Evidence-Based Advocacy: Addressing Pregnancy Ambivalence in Both Women and Men


Evidence-Based Advocacy is a monthly column seeking to bridge the gap between the research and activist communities by profiling provocative new research that activists may not otherwise be able to access.

There is no shortage of panic about teen pregnancy. Despite reports that teen pregnancy is on the decline, the mainstream media is still filled hand-wringing clips about babies having babies and causing the downfall of American society as we know it. But statistics tell a different story: it’s not teens that have the highest unintended pregnancy rates, but young adults, those of us ages 18 to 29. A new study by Jenny Higgins, Ronna Popkin, and John Santelli investigates this statistic by going beyond linking unintended pregnancy to demographic factors like poverty and education, and instead asks: what are young men and women’s levels of pregnancy ambivalence?

The researchers define pregnancy ambivalence as “unresolved or contradictory feelings about whether one wants to have a child at a particular moment.” Pregnancy ambivalence is a term that blurs the lines between intended, unintended, and mis-timed pregnancies. Measuring pregnancy ambivalence allows us to capture complex or not fully formed ideas and feelings about pregnancy. Some of our most-often cited statistics in the pro-choice movement use the binary language of “intended” and “unintended” pregnancy. This simply does not fit the complex reality of experiences with and feelings about pregnancy, especially for young women and young men.

Over the last decade, studies have picked up on the need to address and explore pregnancy ambivalence, but these studies have almost exclusively focused on women. Higgins et al. used data from the National Survey of Reproductive and Contraceptive Knowledge, a survey commissioned by the National Campaign to Prevent Teen Pregnancy and carried out by the Guttmacher Institute. The research team looked at questions relating to pregnancy ambivalence and contraceptive use, and their findings are quite startling. About 45 percent of respondents exhibited ambivalence towards pregnancy, and men were significantly more likely than women to be ambivalent (53 percent of men compared with 36 percent of women). People who expressed ambivalence about pregnancy were more likely to have used no birth control method in the past month.

Why is this significant? Because current pregnancy prevention models put the emphasis on addressing women’s experiences and feelings about pregnancy, while ignoring their partner’s needs. Men in this study had nearly three times the odds of women of being ambivalent about pregnancy, and this ambivalence was associated with reduced contraceptive use for men.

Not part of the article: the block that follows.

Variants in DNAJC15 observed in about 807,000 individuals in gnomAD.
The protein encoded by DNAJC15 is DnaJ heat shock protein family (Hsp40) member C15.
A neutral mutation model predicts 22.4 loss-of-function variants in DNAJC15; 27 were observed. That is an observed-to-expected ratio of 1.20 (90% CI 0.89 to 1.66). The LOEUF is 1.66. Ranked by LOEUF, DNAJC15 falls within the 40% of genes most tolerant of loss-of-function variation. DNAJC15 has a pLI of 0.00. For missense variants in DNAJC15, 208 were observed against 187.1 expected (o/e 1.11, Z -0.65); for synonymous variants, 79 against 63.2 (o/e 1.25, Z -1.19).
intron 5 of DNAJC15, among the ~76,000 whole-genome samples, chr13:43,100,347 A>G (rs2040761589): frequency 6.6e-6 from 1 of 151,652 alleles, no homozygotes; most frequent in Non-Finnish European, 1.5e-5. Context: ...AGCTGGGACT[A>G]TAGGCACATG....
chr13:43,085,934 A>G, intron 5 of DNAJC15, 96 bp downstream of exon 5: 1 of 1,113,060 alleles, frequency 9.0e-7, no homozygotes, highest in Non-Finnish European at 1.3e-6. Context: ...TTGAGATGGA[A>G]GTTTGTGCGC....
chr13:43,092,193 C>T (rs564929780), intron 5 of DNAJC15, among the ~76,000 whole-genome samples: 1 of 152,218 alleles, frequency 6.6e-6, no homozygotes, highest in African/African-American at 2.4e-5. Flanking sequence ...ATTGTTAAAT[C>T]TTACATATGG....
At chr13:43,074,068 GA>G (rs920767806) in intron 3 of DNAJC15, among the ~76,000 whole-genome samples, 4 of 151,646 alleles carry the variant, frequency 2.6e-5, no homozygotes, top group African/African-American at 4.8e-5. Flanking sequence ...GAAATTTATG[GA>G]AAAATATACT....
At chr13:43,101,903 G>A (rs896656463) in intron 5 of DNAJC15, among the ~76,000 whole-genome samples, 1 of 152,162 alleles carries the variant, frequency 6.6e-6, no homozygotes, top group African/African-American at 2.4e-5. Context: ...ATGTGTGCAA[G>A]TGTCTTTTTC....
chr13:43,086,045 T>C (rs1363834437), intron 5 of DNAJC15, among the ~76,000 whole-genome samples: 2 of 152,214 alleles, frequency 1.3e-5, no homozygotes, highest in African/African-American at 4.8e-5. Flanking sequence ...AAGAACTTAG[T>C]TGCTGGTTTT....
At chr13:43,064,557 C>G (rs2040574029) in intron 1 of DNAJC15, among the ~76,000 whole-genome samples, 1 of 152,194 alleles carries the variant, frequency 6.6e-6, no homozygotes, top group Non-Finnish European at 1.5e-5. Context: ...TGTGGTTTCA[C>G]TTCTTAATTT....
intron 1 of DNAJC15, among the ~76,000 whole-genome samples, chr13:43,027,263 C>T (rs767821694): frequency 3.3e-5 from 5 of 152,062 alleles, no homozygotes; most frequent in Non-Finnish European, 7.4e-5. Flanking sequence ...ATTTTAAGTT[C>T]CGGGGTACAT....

The researchers suggest that different types of contraception may be related to how couples express pregnancy ambivalence. For example, couples using condoms may have a different relationship with pregnancy ambivalence than couple using an IUD—one method is “user-dependent,” and could be impacted by the heat of the moment, while another method is “user-independent,” and takes away a couple’s ability to decide if they want to use contraception every time they have sex. The research team also implores others to investigate the context in which pregnancy ambivalence occurs—are socially disadvantaged young women and men more or less likely to experience pregnancy ambivalence than privileged young women and men? Why? How does this impact their contraceptive use? Knowing the answers to these questions can help us have a more robust understanding of pregnancy ambivalence, and move beyond only “intended” or “unintended” pregnancy.

In addition to advocating for researchers to consider tough questions that go beyond binary thinking about pregnancy and contraception, the researchers propose that women alone cannot remain the only focus of pregnancy prevention efforts. Women do not engage in pregnancy decision-making alone, and their partners’ emotions must be addressed, perhaps not in the context of “pregnancy prevention,” but in interventions that help couples explore their intentions, attitudes, and feelings regarding pregnancy.

Instead of only emphasizing that couples should use contraception consistently and correctly, we have to figure out how to help them clarify their feelings about pregnancy, even if those feelings are messy and complicated. Encouraging couples to process their complex feelings about pregnancy may even improve contraceptive use, but that can’t be our only goal. In moving beyond a “pregnancy prevention” frame and encouraging open dialogue about the many emotions that pregnancy brings up for both women and men, we can engage and empower both partners to be active participants in reproductive decision-making.  

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